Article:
New Hampshire is a comparative fault state. The burden of proof, of course, for demonstrating comparative fault lies within the defense and they can’t just argue it - they need evidence to prove it. See Legere v. Townsend, 141 N.H. 593 (1997).
Often, as plaintiff’s lawyers - look, as lawyers in general - we argue every point put in front of us, we fight everything. Now, I believe every case is different, driven by its facts and personalities, but there are some generalities that bear reflection. A comparative fault instruction isn’t a bad thing. To me, it serves two potential purposes. First, it’s kind of a release valve for the jury. Remember, the jury begins with a bias toward the status quo and the belief that people fall accidentally. This gives the jury a chance to help your client while still allowing those implicit biases to remain undisturbed. It’s easier for some jurors to see shared fault and it’s easier to get a verdict if you aren’t playing a zero-sum game.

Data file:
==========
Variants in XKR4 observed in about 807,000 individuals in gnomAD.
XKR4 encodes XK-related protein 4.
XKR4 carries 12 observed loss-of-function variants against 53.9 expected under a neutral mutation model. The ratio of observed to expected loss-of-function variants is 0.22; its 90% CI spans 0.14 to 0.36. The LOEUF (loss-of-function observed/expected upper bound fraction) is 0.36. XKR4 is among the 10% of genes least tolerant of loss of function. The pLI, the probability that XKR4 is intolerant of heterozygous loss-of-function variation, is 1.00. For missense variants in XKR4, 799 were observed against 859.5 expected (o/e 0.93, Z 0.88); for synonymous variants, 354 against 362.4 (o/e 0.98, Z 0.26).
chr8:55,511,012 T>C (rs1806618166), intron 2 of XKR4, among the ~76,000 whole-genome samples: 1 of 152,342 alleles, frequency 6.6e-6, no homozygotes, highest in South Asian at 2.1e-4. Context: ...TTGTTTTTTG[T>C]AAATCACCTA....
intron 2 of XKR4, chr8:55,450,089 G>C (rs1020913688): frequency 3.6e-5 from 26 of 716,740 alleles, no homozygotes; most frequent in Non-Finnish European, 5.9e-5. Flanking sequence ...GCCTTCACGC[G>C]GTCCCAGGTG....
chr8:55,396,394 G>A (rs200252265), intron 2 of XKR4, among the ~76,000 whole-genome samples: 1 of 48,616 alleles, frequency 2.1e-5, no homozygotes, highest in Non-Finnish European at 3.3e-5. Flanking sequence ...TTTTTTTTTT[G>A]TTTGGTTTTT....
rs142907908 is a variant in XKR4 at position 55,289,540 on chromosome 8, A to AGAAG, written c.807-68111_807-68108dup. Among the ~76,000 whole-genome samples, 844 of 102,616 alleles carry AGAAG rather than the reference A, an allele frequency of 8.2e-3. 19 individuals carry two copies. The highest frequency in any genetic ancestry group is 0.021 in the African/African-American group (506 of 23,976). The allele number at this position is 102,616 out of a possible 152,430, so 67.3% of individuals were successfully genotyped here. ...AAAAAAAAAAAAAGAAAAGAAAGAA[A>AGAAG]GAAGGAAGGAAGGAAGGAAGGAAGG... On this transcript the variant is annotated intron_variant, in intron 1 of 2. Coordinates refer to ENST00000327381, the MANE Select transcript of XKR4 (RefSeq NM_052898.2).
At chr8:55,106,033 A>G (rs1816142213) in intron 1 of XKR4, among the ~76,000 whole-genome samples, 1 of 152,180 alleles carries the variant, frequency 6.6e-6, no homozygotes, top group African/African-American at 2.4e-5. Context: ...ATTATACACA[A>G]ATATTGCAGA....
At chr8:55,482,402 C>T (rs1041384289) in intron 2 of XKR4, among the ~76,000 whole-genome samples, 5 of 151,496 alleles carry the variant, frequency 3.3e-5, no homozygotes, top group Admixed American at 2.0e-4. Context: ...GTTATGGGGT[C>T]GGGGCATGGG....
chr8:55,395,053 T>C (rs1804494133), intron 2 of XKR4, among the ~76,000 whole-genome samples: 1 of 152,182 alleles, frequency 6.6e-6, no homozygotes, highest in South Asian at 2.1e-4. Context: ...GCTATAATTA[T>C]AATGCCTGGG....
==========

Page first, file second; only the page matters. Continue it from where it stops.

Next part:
Second, to argue comparative fault the defense does, necessarily, one of two things: blame the victim or make an overtly lawyerly argument. If you have a good picture and a likable client, setting up the defense to blame the victim can be terrific. The other necessary argument is built around the lawyer’s ability to maintain two distinct, opposite arguments. Essentially, in a comparative fault argument the defense is saying “this isn’t dangerous, but if it is it’s the plaintiff’s fault.”
Juries hate lawyers and lawyer logic. Either the stairs, or whatever, are dangerous or they’re not. In virtually every slip and fall trial, the defense will argue there is no defect but simultaneously offer evidence as to why the fall is the plaintiff’s fault. I believe juries don’t like either tack, but plaintiff’s lawyers fail to do one simple thing - point this out.
If defense counsel blames the victim, tell the jury. If they make “lawyerly” arguments, point it out. Go back to the picture. Say “If I’m getting this right, Mr. Defense Lawyer is saying this (point to the picture) isn’t dangerous, oh, but if you think it is, it’s the plaintiff’s fault.” Don’t expect the jury to help you until you point it out. Give the jury permission to be annoyed.